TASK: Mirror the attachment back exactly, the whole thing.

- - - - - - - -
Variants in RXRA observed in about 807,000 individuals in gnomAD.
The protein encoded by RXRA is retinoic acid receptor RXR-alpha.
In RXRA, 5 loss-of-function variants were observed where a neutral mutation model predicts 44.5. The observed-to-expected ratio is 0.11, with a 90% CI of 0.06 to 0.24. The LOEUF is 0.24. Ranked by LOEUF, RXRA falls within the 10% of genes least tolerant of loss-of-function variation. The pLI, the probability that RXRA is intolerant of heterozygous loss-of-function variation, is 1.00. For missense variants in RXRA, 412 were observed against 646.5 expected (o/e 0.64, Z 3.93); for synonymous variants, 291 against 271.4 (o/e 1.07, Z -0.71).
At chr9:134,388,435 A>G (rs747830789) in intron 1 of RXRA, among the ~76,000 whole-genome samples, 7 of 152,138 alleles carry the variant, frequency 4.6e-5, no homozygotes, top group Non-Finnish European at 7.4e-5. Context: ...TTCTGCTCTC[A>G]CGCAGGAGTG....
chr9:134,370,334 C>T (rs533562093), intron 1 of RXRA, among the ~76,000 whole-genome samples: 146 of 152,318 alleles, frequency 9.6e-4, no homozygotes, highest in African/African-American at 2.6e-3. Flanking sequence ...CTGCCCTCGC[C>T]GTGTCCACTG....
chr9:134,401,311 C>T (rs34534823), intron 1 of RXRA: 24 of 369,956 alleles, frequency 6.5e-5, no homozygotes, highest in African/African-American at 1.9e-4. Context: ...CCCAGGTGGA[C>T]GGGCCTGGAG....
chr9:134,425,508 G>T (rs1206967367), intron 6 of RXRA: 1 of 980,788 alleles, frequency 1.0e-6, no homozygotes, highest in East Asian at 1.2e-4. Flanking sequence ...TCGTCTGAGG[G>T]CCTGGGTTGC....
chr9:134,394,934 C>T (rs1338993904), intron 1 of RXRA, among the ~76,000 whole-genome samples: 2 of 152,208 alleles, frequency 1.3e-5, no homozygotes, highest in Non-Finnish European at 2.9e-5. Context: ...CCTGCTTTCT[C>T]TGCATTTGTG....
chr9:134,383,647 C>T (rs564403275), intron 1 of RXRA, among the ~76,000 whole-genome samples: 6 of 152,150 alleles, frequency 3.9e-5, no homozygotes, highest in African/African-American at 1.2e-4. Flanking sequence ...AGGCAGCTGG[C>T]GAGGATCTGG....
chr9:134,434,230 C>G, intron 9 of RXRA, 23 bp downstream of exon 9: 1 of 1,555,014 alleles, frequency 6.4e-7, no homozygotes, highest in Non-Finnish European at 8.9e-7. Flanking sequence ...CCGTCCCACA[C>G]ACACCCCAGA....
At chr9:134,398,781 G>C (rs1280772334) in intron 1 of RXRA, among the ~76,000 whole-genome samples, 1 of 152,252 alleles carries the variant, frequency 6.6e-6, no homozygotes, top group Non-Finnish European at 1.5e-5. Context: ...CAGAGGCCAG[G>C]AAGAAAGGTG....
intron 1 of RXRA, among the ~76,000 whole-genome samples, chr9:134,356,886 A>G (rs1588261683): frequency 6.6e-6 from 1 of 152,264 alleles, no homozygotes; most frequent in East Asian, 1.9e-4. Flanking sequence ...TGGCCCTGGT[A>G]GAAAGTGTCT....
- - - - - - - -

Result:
Variants in RXRA observed in about 807,000 individuals in gnomAD.
The protein encoded by RXRA is retinoic acid receptor RXR-alpha.
In RXRA, 5 loss-of-function variants were observed where a neutral mutation model predicts 44.5. The observed-to-expected ratio is 0.11, with a 90% CI of 0.06 to 0.24. The LOEUF is 0.24. Ranked by LOEUF, RXRA falls within the 10% of genes least tolerant of loss-of-function variation. The pLI, the probability that RXRA is intolerant of heterozygous loss-of-function variation, is 1.00. For missense variants in RXRA, 412 were observed against 646.5 expected (o/e 0.64, Z 3.93); for synonymous variants, 291 against 271.4 (o/e 1.07, Z -0.71).
At chr9:134,388,435 A>G (rs747830789) in intron 1 of RXRA, among the ~76,000 whole-genome samples, 7 of 152,138 alleles carry the variant, frequency 4.6e-5, no homozygotes, top group Non-Finnish European at 7.4e-5. Context: ...TTCTGCTCTC[A>G]CGCAGGAGTG....
chr9:134,370,334 C>T (rs533562093), intron 1 of RXRA, among the ~76,000 whole-genome samples: 146 of 152,318 alleles, frequency 9.6e-4, no homozygotes, highest in African/African-American at 2.6e-3. Flanking sequence ...CTGCCCTCGC[C>T]GTGTCCACTG....
chr9:134,401,311 C>T (rs34534823), intron 1 of RXRA: 24 of 369,956 alleles, frequency 6.5e-5, no homozygotes, highest in African/African-American at 1.9e-4. Context: ...CCCAGGTGGA[C>T]GGGCCTGGAG....
chr9:134,425,508 G>T (rs1206967367), intron 6 of RXRA: 1 of 980,788 alleles, frequency 1.0e-6, no homozygotes, highest in East Asian at 1.2e-4. Flanking sequence ...TCGTCTGAGG[G>T]CCTGGGTTGC....
chr9:134,394,934 C>T (rs1338993904), intron 1 of RXRA, among the ~76,000 whole-genome samples: 2 of 152,208 alleles, frequency 1.3e-5, no homozygotes, highest in Non-Finnish European at 2.9e-5. Context: ...CCTGCTTTCT[C>T]TGCATTTGTG....
chr9:134,383,647 C>T (rs564403275), intron 1 of RXRA, among the ~76,000 whole-genome samples: 6 of 152,150 alleles, frequency 3.9e-5, no homozygotes, highest in African/African-American at 1.2e-4. Flanking sequence ...AGGCAGCTGG[C>T]GAGGATCTGG....
chr9:134,434,230 C>G, intron 9 of RXRA, 23 bp downstream of exon 9: 1 of 1,555,014 alleles, frequency 6.4e-7, no homozygotes, highest in Non-Finnish European at 8.9e-7. Flanking sequence ...CCGTCCCACA[C>G]ACACCCCAGA....
At chr9:134,398,781 G>C (rs1280772334) in intron 1 of RXRA, among the ~76,000 whole-genome samples, 1 of 152,252 alleles carries the variant, frequency 6.6e-6, no homozygotes, top group Non-Finnish European at 1.5e-5. Context: ...CAGAGGCCAG[G>C]AAGAAAGGTG....
intron 1 of RXRA, among the ~76,000 whole-genome samples, chr9:134,356,886 A>G (rs1588261683): frequency 6.6e-6 from 1 of 152,264 alleles, no homozygotes; most frequent in East Asian, 1.9e-4. Flanking sequence ...TGGCCCTGGT[A>G]GAAAGTGTCT....